The attention of the tourists walking along the main road, is momentarily interrupted, as they raise their eyes towards the blue summer sky, to try and identify what's causing this unexpected noise. They only catch a fleeting glance of the two Royal Air Force crafts passing overhead, before they can once again immerse themselves in the picture perfect surroundings and absorb the Victorian beauty that Pitlochry has to offer.
Outside the library the wicker female golfer swings her club amid the pretty flower bed, only one of the beautiful displays that fill this town in the Highlands.
Stopping at a sign-post, I choose to follow the sign that leads me to Port-Na-Crag. At the end of the steep path I step onto the suspension footbridge that replaced the ferry in 1913, as a means to cross the River Tummel. However, the gentle swaying makes me feel rather uneasy and I decide against carrying on. The flowing water below adds to my insecurity and I only want to be suspended mid-air long enough to take a couple of panoramic photographs.
|View from dam, back towards footbridge|
Upstream from the bridge I could see the dam and hydro power station, which is my next stop. Built in post World War ll , it was feared that this man made water collection point would hamper the journey of the thousands of fresh-water salmon who travel this course each year to breed.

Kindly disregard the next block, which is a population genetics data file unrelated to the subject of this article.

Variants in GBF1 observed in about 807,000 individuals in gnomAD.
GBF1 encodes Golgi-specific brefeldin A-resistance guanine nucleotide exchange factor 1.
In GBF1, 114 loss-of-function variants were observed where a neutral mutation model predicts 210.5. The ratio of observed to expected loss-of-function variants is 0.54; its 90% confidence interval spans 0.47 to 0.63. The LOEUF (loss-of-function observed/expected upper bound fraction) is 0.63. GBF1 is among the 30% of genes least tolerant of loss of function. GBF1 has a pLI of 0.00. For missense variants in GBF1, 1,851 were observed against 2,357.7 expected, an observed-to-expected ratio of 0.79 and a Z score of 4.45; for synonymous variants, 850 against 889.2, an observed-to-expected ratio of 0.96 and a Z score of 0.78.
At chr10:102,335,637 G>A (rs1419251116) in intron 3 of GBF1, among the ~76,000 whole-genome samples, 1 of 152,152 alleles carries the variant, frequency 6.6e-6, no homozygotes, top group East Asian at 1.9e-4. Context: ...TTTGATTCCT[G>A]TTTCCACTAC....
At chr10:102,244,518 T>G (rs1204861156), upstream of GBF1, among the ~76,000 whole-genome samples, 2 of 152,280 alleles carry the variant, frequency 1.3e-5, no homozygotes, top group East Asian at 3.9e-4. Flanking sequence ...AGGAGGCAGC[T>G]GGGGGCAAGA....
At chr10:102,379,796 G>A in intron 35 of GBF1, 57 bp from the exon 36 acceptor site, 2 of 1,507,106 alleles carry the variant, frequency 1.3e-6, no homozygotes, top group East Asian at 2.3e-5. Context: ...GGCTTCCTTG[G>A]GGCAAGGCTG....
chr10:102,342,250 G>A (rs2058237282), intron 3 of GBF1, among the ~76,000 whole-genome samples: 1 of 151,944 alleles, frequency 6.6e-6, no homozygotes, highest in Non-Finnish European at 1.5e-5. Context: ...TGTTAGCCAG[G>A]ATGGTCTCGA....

But, taking this wonderful feat of nature into consideration, the design incorporates a fish ladder, which allows them to leap onward, as they have always done.
|Pitlochry Railway Station|
Taking a shortcut back from the dam through the railway station, I pause on the non-swaying footbridge to take a few more snaps. Looking around from this unlikely vantage point, I wondered as to how much the local area had changed since the railway first brought visitors, including Queen Victoria here 150 years ago.
Things will have altered for sure, however when the passengers alight now they too will be delighted by the town that has remained small but perfectly formed.